Ahmet Davutoğlu was the representative of neo-otomanism within the AKP. The first break with neo-Ottoman politics happened when Davutoğlu was asked to resign by order of the President Erdoğan. Secondly, we can say that neo-Ottomanism ended with the liquidation of the FETO movement by the state after the July 15 coup. Turkey then chose to improve its relations with Asian countries and abandon neo-Tomanism. This is a clear indication of the situation developing in Astana with Turkey, Russia and Iran. The FETO movement has an impact on those who try to break Russian-Turkish relations. Cemal Alparslan, a former officer of MIT (Turkish Intelligence Service) sums up the issue by stating in an interview with the newspaper Sabah that FETO is working in collaboration with the CIA. FETO's steps were behind the crisis, especially when the Russian ambassador was attacked and the Russian plane was shot down.3] However, even though Russia dropped the war plane and its ambassador was attacked, Turkish-Russian relations improved. Moreover, the fact that neo-Ottomanism was mentioned in the articles specially written by Westerners, together with its connection to FETO, makes it more attractive. In order to prevent Turkey's displacement to Asia the discourse of neo-Ottomanism has established a partial discourse in the West on Turkish foreign policy.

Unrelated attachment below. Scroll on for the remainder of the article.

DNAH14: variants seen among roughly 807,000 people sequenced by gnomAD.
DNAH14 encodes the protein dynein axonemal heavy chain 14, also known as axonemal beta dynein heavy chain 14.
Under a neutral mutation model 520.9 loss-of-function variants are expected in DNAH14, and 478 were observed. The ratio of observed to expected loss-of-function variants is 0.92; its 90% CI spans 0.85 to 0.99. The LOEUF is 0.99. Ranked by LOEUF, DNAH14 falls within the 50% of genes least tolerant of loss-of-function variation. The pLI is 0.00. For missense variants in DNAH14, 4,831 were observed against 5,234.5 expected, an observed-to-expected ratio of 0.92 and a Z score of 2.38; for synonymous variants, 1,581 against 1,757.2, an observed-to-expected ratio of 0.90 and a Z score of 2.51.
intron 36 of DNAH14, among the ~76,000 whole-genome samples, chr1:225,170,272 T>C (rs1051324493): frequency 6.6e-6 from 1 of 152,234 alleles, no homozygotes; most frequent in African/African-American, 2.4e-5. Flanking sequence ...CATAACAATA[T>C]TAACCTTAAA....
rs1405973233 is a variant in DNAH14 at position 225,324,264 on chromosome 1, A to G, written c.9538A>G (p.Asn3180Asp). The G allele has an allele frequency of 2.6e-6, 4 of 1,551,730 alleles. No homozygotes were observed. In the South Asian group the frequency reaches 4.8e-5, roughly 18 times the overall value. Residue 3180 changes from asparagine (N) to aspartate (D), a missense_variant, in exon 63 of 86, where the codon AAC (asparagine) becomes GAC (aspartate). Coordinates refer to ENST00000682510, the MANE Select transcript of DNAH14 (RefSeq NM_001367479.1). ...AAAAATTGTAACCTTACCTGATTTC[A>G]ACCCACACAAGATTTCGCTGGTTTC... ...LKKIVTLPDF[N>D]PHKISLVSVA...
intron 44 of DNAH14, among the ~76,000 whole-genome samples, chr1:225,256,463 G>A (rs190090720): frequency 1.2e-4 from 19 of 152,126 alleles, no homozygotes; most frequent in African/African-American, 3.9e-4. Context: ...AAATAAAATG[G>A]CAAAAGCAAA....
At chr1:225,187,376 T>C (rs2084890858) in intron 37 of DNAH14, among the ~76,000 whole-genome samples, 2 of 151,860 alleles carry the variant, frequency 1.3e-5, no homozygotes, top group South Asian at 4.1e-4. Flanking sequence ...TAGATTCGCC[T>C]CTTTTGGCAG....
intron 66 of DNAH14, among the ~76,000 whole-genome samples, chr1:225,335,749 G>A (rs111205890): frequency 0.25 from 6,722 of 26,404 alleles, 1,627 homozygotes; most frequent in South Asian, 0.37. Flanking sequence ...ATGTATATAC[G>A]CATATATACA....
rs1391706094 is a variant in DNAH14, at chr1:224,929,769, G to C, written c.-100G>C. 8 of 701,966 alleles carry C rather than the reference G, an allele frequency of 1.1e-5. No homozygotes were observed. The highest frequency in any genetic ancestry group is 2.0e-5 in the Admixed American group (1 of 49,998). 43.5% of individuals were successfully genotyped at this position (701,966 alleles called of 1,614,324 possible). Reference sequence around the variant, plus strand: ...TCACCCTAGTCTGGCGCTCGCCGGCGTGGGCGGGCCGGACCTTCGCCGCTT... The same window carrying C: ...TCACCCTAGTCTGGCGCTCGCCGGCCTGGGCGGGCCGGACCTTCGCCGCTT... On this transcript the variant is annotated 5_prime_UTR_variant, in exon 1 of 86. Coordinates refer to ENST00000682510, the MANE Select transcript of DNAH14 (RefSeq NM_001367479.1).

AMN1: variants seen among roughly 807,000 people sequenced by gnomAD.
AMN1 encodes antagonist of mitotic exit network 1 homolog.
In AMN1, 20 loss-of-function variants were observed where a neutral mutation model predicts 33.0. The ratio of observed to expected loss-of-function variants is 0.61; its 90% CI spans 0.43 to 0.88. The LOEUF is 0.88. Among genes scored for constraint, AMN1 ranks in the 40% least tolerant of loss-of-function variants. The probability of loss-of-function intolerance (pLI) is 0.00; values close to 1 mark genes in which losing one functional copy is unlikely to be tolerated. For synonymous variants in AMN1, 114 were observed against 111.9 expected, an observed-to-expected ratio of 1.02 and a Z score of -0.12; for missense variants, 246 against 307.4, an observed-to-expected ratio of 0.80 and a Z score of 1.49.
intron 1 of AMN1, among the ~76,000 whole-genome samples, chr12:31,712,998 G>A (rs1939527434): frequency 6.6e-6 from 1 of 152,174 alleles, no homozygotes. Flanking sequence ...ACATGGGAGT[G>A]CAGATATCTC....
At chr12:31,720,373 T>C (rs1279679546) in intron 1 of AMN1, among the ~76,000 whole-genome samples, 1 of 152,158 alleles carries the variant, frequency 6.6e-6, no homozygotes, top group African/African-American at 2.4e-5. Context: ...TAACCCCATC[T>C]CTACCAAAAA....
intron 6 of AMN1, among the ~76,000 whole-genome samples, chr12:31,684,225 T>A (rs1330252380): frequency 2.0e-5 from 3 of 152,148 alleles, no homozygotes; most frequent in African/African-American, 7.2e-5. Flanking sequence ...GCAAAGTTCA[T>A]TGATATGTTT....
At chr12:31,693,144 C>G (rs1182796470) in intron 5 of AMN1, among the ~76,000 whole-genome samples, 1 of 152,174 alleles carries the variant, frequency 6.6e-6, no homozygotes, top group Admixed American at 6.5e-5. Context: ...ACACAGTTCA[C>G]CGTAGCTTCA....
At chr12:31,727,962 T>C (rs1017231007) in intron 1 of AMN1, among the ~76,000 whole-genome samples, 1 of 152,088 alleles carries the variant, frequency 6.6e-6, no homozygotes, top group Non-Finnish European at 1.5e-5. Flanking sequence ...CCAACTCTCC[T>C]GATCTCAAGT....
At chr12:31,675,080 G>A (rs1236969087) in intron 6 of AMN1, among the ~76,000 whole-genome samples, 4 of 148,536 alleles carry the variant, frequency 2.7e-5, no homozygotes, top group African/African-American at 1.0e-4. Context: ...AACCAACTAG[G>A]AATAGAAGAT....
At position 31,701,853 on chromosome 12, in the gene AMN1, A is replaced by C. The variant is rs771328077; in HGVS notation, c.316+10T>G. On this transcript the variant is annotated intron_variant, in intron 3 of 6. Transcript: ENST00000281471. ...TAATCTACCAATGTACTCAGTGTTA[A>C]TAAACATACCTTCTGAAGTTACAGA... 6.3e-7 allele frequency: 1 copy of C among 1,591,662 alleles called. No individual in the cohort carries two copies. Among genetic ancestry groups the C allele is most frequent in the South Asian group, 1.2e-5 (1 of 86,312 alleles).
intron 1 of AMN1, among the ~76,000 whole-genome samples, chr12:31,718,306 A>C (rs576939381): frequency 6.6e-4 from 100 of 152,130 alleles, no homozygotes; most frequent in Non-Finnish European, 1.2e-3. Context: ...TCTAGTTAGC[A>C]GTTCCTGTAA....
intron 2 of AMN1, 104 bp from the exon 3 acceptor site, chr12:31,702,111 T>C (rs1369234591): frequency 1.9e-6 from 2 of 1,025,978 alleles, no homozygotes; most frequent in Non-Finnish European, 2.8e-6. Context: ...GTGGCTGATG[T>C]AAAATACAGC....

Turning Hagia Sophia into a mosque is an attempt to win the votes of conservative voters in the AKP's domestic politics. The Hagia Sophia mosque issue will become a domestic political situation in Turkey. It should not be interpreted as an attempt to create a change in Turkey's foreign policy.
Neo-Ottomanism is a Western political discourse centered on FETO. It is portrayed as the practice of neo-Ottoman foreign policy in Turkey's foreign policy. Neo-Ottoman figures were eliminated from Turkish foreign policy by defeating the attempted coup d'état on July 15, 2016. There, foreign policy was redirected towards cooperation with Republican-era neighbours and Asian countries. There is no apparent link between Hagia Sophia and neo-Ottoman policy.
The Fetullah Movement (FETO): This is an Islamic terrorist organization infiltrated into the state. Its leader lives in the United States. On July 15, 2016, they organized a military coup against the government with its members within the Turkish Armed Forces and police.
 Ahmet Davutoğlu 'Stratejik Derinlik' (Strategic Depth) Küre Yayınları, 50th Press
 Suat Beylur 'Turkey's Balkan Policy Under Ak Party and Claims for Neo-Ottomanism' Hacettepe University, Tesis de Maestría, Ankara, 2013, p.10